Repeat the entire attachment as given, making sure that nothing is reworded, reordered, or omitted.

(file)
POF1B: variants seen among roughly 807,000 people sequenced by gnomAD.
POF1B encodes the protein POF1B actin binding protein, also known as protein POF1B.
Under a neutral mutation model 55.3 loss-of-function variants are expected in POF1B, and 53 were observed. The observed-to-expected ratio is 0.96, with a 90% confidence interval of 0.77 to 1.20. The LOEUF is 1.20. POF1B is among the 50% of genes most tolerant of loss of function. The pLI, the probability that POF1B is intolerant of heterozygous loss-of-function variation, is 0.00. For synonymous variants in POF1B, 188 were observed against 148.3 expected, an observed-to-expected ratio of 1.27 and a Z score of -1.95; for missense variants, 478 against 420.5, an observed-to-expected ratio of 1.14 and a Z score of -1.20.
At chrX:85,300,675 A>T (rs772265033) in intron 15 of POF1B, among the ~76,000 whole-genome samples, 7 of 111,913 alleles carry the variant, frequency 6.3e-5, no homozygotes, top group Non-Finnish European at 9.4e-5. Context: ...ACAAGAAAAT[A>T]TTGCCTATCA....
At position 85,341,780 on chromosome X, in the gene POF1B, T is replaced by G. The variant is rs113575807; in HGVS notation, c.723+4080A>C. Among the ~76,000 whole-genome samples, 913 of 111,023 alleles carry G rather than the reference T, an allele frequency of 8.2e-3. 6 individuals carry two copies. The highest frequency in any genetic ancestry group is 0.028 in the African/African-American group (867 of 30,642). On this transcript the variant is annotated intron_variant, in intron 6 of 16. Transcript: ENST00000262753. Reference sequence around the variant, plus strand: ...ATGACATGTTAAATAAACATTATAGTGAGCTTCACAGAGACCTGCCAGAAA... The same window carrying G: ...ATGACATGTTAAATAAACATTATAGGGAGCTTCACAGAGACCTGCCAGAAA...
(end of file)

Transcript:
POF1B: variants seen among roughly 807,000 people sequenced by gnomAD.
POF1B encodes the protein POF1B actin binding protein, also known as protein POF1B.
Under a neutral mutation model 55.3 loss-of-function variants are expected in POF1B, and 53 were observed. The observed-to-expected ratio is 0.96, with a 90% confidence interval of 0.77 to 1.20. The LOEUF is 1.20. POF1B is among the 50% of genes most tolerant of loss of function. The pLI, the probability that POF1B is intolerant of heterozygous loss-of-function variation, is 0.00. For synonymous variants in POF1B, 188 were observed against 148.3 expected, an observed-to-expected ratio of 1.27 and a Z score of -1.95; for missense variants, 478 against 420.5, an observed-to-expected ratio of 1.14 and a Z score of -1.20.
At chrX:85,300,675 A>T (rs772265033) in intron 15 of POF1B, among the ~76,000 whole-genome samples, 7 of 111,913 alleles carry the variant, frequency 6.3e-5, no homozygotes, top group Non-Finnish European at 9.4e-5. Context: ...ACAAGAAAAT[A>T]TTGCCTATCA....
At position 85,341,780 on chromosome X, in the gene POF1B, T is replaced by G. The variant is rs113575807; in HGVS notation, c.723+4080A>C. Among the ~76,000 whole-genome samples, 913 of 111,023 alleles carry G rather than the reference T, an allele frequency of 8.2e-3. 6 individuals carry two copies. The highest frequency in any genetic ancestry group is 0.028 in the African/African-American group (867 of 30,642). On this transcript the variant is annotated intron_variant, in intron 6 of 16. Transcript: ENST00000262753. Reference sequence around the variant, plus strand: ...ATGACATGTTAAATAAACATTATAGTGAGCTTCACAGAGACCTGCCAGAAA... The same window carrying G: ...ATGACATGTTAAATAAACATTATAGGGAGCTTCACAGAGACCTGCCAGAAA...